Global Climate Action Summit 2018: ‘The Challenge is to Act Sooner’

Global Climate Action Summit 2018: ‘The Challenge is to Act Sooner’

by Yash Saboo September 19 2018, 3:15 pm Estimated Reading Time: 3 mins, 58 secs

CEO after CEO stood up to declare commitments to reducing carbon use, to everything they do now but cleaner and more efficiently in the Global Climate Action Summit held in San Francisco this week. “Getting to carbon-free” was the byword of the summit. And it would happen without affecting the profitability of the companies making those commitments.

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Climate change is one of the most pressing issues of our time and the mainstream media chose to stay relatively quiet about this hugely important global climate event, thanks to Apple’s new iPhones and other news. Harrison Ford and Jane Goodall’s appearances were the most publicised of all the brilliant news shared throughout the event which tells you a lot about the priorities of most media outlets – covering positive stories about corporate commitment to fighting climate change is clearly not one of them!

Winnie Byanyima, Executive Director of Oxfam International, spoke of climate justice in the open plenary session. “Climate change is a political issue, not a technical issue,” she said. “It’s a question of justice and fairness.”

“It would take my grandfather, who lives in Uganda, 129 years to emit the same carbon as the average American citizen,” she said. “The emissions that are damaging our planet are being produced by rich people, but the repercussions are hitting poor people the hardest.” And while poorer and less industrialized countries are making commitments to cleaner and renewable energy, that won’t make up for emissions coming from industrialized countries.

But as soon as she finished speaking, it was Kevin Johnson’s turn. He’s the CEO of Starbucks, and he’s clearly proud of his company’s environmental initiatives like using “greener cups”, for example. “We introduced a recyclable cup”, he said, but there were other issues–“not all cities have recycling facilities.” Nevertheless, he promised, “Our aspiration is to be the number one company in the world with a sustainable platform, from farmers to stores.”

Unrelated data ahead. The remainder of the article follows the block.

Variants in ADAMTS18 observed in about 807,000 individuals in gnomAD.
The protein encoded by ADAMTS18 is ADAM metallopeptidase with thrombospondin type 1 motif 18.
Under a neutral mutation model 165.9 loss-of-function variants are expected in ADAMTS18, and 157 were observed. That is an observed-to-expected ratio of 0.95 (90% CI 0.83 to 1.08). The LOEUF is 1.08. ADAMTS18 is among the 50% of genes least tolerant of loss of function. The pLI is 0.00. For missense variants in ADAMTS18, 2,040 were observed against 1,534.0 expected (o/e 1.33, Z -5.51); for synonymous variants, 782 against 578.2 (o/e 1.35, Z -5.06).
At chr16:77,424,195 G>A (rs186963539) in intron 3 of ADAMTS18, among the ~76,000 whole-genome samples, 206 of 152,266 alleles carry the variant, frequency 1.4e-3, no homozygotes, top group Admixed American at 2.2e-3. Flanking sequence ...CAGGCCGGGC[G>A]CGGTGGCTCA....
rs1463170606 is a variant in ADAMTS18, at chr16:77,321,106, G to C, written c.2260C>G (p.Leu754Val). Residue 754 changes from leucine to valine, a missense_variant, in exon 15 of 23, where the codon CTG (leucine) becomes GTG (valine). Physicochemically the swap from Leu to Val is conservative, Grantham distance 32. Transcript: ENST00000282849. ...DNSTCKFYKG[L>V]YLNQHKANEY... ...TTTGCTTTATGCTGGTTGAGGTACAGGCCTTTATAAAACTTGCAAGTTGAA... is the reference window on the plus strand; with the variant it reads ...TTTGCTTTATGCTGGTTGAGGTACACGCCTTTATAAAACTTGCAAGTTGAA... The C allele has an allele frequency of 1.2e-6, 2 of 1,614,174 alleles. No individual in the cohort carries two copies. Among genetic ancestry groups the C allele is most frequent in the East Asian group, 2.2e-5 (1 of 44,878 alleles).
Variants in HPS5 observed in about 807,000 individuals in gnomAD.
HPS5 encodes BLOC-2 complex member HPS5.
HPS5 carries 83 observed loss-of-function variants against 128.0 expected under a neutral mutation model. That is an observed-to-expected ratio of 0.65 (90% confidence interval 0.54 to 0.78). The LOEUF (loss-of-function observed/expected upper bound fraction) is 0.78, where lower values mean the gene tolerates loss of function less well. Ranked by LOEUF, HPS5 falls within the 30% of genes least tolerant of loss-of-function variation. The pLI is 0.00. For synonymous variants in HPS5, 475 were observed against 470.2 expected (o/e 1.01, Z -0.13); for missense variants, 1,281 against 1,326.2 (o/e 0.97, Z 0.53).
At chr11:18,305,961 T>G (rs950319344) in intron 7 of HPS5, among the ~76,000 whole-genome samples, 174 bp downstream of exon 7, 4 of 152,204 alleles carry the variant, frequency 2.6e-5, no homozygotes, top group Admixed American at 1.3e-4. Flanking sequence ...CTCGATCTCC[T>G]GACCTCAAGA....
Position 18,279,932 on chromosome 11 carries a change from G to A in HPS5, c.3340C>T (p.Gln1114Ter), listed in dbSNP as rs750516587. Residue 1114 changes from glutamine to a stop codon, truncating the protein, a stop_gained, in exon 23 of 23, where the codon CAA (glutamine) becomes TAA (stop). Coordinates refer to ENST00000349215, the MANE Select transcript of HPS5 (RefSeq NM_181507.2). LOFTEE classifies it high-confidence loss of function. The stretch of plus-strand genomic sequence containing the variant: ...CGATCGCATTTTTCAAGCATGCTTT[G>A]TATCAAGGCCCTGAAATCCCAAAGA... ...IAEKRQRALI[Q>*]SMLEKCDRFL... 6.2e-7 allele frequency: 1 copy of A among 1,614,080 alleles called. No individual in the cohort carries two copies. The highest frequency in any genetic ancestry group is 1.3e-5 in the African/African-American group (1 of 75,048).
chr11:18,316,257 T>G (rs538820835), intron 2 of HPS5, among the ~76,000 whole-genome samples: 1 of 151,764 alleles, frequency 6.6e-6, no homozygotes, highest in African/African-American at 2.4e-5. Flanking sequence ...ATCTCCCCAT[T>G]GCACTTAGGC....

“The pursuit of profit is not in conflict with doing good,” he declared. This seemed to be the real theme throughout the event.

Commitments were made, agreements were signed, speaker after speaker made big announcements about how soon they pledged to go carbon neutral or how much money they would invest in climate solutions; business leaders touted their energy efficiency achievements, declaring that it was definitely possible to “do good while doing well”–in other words, none of them were risking their bottom line. Civic leaders patted themselves on the back for committing to zero carbon by 2030, or 2045, or 2050, depending who was talking.

But youth leaders, indigenous leaders and leaders from countries outside of the industrialized nations kept reminding people that the investments were nowhere near enough; that the world’s attention was on the dangers of the planet, but concrete action is too slow in coming; that there isn’t a lot of time left to get something done.

“We can’t do any mitigation because we don’t own the industries that are causing these problems,” said Ambassador Macharia Kamau of Kenya. “We are victims of climate change—but we also need to figure out what we can do to fight it.”

City and state leaders in India are accelerating actions to combat climate change and protect its citizens from its impacts. This is welcome news since India is the world’s second most populated country (after China) and the third largest emitter of greenhouse gases (after China and the United States).

From installing cool roofs to protect the vulnerable from a warming climate to increasing solar power capacity, India is committing to climate action. One of their exciting announcements is the transition of their urban transportation systems to renewable energy. In one city, there are plans to roll out 500 electric buses by 2020, and that all diesel buses will be eliminated by 2021.

Among the landmark agreements, commitments, and pledges to reducing carbon emissions and fund climate efforts were these:

  • Mayors of 27 cities worldwide signed an international agreement committing to reduce their carbon output and work to meet the Paris agreements on global average temperature rise.
  • Mexico City became the first Latin American city to sign the “Green Bond” pledge to increase funding for climate-friendly infrastructure. (California, New Mexico, Rhode Island, Asheville, San Francisco, King County in Washington are among governmental entities that have already signed).
  • The Global Green Bond Partnership was launched to support cities, states, regions, corporations, and financial institutions to accelerate the issuance of green bonds.

Disclaimer: The views and opinions expressed in this article are those of the authors and do not necessarily reflect the official policy or position of The writers are solely responsible for any claims arising out of the contents of this article.